Connecting Burn Patients & Caregivers to Volunteer Opportunities
SOAR is a program from the Phoenix Society for Burn Survivors. The purpose of the program is to make sure no one recovers from a burn injury alone and to help provide hope. Talking to a trained peer supporter can help anyone affected by a burn injury feel less alone and be better prepared for the future.
Our SOAR supporters are previous patients or their loved ones who have gone through both hospital and peer support training to be able to provide the best support possible. Ask any team member to connect you with a SOAR Coordinator.
How to Become a SOAR Volunteer
To become a volunteer, we ask that you complete the following:
- Attend an annual training
- Be at least one year post burn injury
- Submit an application
- Submit letters of recommendation
- Attend an eight-hour training session
- Meet the requirements of the University of Utah Health Volunteer Department
Watch Our Patient Stories
Meet Our Volunteers
Joseph sustained his burn injury in a work related accident in 2010. He was 29 at the time of the injury. He was burned to 15 percent of his body. Joseph is married with three children. Joseph is active with his family and with the Native American community.
In 2010 at age 39, Jason sustained his burn injury after throwing gas onto a camp fire. He was burned over 50 percent of his body and underwent amputation of his right hand. Jason lives with his wife and children in Milford, UT.
Amy is a 40-year-old woman who sustained a scald injury to 30 percent of her body when she was one year old. Amy lives in Vernal, UT, with her husband and works as a school teacher.
Ashley is currently a college student at the University of Utah. Ashley was burned at age 8 to 22 percent of her body after being hit by a car while riding her bike in 2002. Ashley is an avid horsewoman.
In December of 2010, Sam sustained an electrical injury while working as a lineman. Both of his arms were amputated below the elbow. He was 34 years old at the time of the accident.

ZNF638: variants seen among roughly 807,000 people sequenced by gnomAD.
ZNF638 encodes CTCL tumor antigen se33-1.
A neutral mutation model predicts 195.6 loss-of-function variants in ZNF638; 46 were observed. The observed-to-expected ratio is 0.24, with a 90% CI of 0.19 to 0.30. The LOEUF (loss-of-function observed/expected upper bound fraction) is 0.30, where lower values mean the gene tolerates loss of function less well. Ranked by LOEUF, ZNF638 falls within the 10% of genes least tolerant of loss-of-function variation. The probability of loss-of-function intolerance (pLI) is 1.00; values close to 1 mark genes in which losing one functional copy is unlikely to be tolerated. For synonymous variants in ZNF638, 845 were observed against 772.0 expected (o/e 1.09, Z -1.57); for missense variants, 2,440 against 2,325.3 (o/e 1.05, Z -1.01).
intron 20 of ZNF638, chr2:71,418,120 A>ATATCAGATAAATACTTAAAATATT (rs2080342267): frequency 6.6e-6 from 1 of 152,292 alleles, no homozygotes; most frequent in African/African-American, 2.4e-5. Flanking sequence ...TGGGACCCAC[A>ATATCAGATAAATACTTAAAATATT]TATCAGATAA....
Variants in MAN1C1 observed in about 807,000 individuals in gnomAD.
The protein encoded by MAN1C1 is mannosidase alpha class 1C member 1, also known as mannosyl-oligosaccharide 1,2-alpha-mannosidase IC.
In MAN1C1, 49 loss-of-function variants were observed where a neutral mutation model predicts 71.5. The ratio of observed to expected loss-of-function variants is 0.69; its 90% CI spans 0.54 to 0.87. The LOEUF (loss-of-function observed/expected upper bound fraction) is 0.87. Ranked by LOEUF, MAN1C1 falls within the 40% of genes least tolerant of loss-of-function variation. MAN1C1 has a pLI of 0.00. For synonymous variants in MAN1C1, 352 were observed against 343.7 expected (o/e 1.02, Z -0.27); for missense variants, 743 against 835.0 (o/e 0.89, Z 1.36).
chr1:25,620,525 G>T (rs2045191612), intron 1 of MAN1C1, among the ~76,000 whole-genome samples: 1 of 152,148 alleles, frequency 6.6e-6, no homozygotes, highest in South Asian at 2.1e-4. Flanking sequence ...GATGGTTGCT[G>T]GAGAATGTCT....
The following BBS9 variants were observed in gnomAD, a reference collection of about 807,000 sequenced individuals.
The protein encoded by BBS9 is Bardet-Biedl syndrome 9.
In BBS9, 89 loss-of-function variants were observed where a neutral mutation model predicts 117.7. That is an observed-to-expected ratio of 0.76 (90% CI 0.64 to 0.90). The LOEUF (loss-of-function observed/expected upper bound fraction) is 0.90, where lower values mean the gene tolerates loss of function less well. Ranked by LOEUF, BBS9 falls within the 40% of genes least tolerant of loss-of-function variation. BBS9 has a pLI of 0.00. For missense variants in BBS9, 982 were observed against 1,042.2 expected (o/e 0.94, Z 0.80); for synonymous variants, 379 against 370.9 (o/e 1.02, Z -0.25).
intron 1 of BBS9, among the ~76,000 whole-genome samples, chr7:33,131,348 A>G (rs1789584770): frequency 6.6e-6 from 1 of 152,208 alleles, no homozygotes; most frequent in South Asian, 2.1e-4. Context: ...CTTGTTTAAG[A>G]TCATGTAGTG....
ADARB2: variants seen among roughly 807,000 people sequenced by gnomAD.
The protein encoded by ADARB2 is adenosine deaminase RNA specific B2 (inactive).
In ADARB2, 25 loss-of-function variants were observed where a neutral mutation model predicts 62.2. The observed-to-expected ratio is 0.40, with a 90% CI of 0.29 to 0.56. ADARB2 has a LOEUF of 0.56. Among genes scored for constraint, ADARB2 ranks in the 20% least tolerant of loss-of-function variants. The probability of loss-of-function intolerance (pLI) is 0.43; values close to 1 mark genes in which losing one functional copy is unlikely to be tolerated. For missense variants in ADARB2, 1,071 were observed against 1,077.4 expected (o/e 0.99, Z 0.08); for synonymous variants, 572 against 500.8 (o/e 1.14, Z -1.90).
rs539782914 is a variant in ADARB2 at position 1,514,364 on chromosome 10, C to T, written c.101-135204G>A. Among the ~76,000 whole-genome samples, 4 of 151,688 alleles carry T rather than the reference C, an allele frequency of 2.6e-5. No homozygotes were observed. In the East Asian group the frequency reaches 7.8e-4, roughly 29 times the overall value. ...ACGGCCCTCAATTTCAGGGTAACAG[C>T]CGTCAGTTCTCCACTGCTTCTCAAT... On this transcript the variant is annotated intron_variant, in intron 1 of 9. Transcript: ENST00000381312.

Sam lives in West Valley, UT. Sam is also known under the YouTube name: The No-Handed Bandit and has created a series of how-to videos for others using bilateral prosthetics.
In 2007, Michelle’s five-year-old son sustained burns to 25 percent of his body when his sweatshirt came in contact with a gas heater. Michelle, her husband, and children live in South Jordan, UT.
Michelle and her family have wisdom and joy to share regarding the road of recovery. Her son is now active in the burn camp programs and has found his own path to healing through this experience.
Clinton “Quimby” Roundy
Quimby sustained burns to 20 percent of his body in a camp fire accident at age 24 in the year 2000.
Quimby lives in Salt Lake City, UT. He is active in the outdoors and with his family and friends. He and his brother William “Shad” Roundy, who is also a SOAR volunteer, are eager to share what they have learned with others.
In 2002 when Keven was 43, he sustained an electrical injury. As a result of his injury, his left arm and leg were amputated. Kevin knows firsthand the importance of positive reinforcement and peer support.
Phil was involved in a flash fire/explosion while working at a refinery in 2009. He was 43 at the time of his injury. Phil now works as the safety manager at the same refinery.
He has participated in peer support and values the impact in can have on normalizing the experience and gaining insight from those who have had a similar experience. Phil also recognizes the impact a traumatic injury or illness can have on the entire family system.
Lisa survived a necrotizing fasciitis group A strep infection in 2005. This resulted in the loss of both legs and one arm.
Lisa is an RN, which gives her unique insight into the healing process. She brings wisdom and a relentless desire to live life fully. She is married with two young children and enjoys the outdoors and athletic challenges of most kinds.